Celery Substitute: Alternative Options for Soup, Salad, and More

A highly versatile plant, nearly every part of the celery plant is used in cooking, either as a spice or as an ingredient in a variety of dishes. However, normally, it is the stalk of this marshland growing vegetable that is thought of when the word celery is mentioned.

With a strong and somewhat astringent taste, certain individuals may find celery unpleasant, or otherwise do not enjoy the fibrous texture of its stalks, and as such may desire to substitute it for similar ingredients that may replicate its nutritional, textural or flavor profile in a dish.

A variety of substitutes exist for celery, depending on the particular dish or purpose that the celery was originally meant to be added to. Whether you wish to replicate the flavor of mirepoix, of which normally contains celery stock, or the crunchy texture of celery stalks in ants-on-a-log, it is likely you have these substitutes in your pantry or crisper drawer at this very moment.

Celery Substitutes in Soups

Perhaps one of the oldest and most common uses of celery, soups and stews often incorporate the green vegetable and its various parts into their ingredient mixture so as to lend a savory and somewhat bitter after-taste that pairs perfectly with other vegetables and meats.


Another ingredient commonly added to soups and stews, carrots provide an excellent substitute for celery both in flavor and in texture, though it is likely they will grow softer than celery stalks if left in hot soup for too long a period of time.

carrot and celery sticks

Carrots’ uniquely sweet yet earthy flavor, while not exactly a perfect replacement for celery, provide much the same savory-taste complementing notes that celery would, especially if paired with other vegetables of the same effect such as potatoes or onions.

When choosing to replace your celery with carrots, it is best to use approximately half a cup of carrots for every sixty-four grams of celery, or one large stalk.

Bok Choy

While somewhat uncommon in most commercial supermarkets located in the western hemisphere, bok choy or pak choi is a form of cabbage originating from the Chinese mainland wherein it is often used as a main soup ingredient for its crunchy texture and mild yet complementary flavor.

Much like celery, bok choy presents a slightly astringent or bitter aftertaste with a soft savory body, making it an excellent soup ingredient when combined with broth, meat products, or other savory vegetables.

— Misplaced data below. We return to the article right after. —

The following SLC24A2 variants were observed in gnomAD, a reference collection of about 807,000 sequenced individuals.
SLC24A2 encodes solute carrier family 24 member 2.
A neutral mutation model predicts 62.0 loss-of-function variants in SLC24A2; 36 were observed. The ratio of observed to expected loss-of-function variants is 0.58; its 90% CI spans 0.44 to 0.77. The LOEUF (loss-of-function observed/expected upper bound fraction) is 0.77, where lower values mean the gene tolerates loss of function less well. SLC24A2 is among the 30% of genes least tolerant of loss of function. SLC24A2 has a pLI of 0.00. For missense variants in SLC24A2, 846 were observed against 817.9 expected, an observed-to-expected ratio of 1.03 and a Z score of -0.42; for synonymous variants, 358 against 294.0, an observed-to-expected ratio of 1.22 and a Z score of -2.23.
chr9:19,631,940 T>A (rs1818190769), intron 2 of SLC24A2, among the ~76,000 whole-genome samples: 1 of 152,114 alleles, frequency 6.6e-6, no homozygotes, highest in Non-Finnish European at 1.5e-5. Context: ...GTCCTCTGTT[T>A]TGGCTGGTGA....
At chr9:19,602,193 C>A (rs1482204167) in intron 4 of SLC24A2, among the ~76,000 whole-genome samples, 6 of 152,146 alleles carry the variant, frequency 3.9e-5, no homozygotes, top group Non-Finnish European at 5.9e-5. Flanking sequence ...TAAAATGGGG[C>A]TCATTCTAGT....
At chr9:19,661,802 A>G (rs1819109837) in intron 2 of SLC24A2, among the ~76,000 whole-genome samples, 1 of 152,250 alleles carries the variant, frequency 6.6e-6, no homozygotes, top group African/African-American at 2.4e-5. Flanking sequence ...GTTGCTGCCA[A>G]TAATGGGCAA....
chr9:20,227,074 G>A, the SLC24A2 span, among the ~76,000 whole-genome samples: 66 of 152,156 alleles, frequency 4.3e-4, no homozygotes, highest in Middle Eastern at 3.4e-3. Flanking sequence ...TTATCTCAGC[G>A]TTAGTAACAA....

Owing to the fact that, like most cabbage, bok choy is quite high in relative water content, it is likely that this Chinese cabbage will retain much of its shape, size and crunchiness, even when boiled in stock for some time, much like the same properties found in celery stalks.


Moderately similar in appearance and texture to celery, asparagus is yet another ingredient that is oftentimes incorporated into stews or soups in order to bolster its flavor and volume. 

While the exact taste of asparagus may depend on an individual’s genetic predispositions, it is often considered a savory ingredient with a rather strong flavor, making it more noticeable in a dish when compared to celery.

This is an excellent substitute for celery in the event that you wish to produce a more robustly-flavored stew or soup, as asparagus is said to pair quite well with certain types of meat and dairy products.

Celery Substitutes in Salads

Certain individuals may find the taste of raw celery to be rather unpleasant, especially in cases wherein the mineral aftertaste is unmasked and allowed to present its full strength, such as in sandwiches or salads. 

As such, an excellent alternative to celery are various other green vegetables with similar textural consistency but a somewhat different flavor.


With an extremely mild flavor and a versatile shape that may be cut into any desired shape, cucumber presents an excellent textural replacement for celery, especially for individuals that do not wish to replicate its particular flavor.

This is due to the fact that, like celery, a large portion of cucumber’s cellular structure is primarily made of water, and as such produces a crunchy texture when bitten into.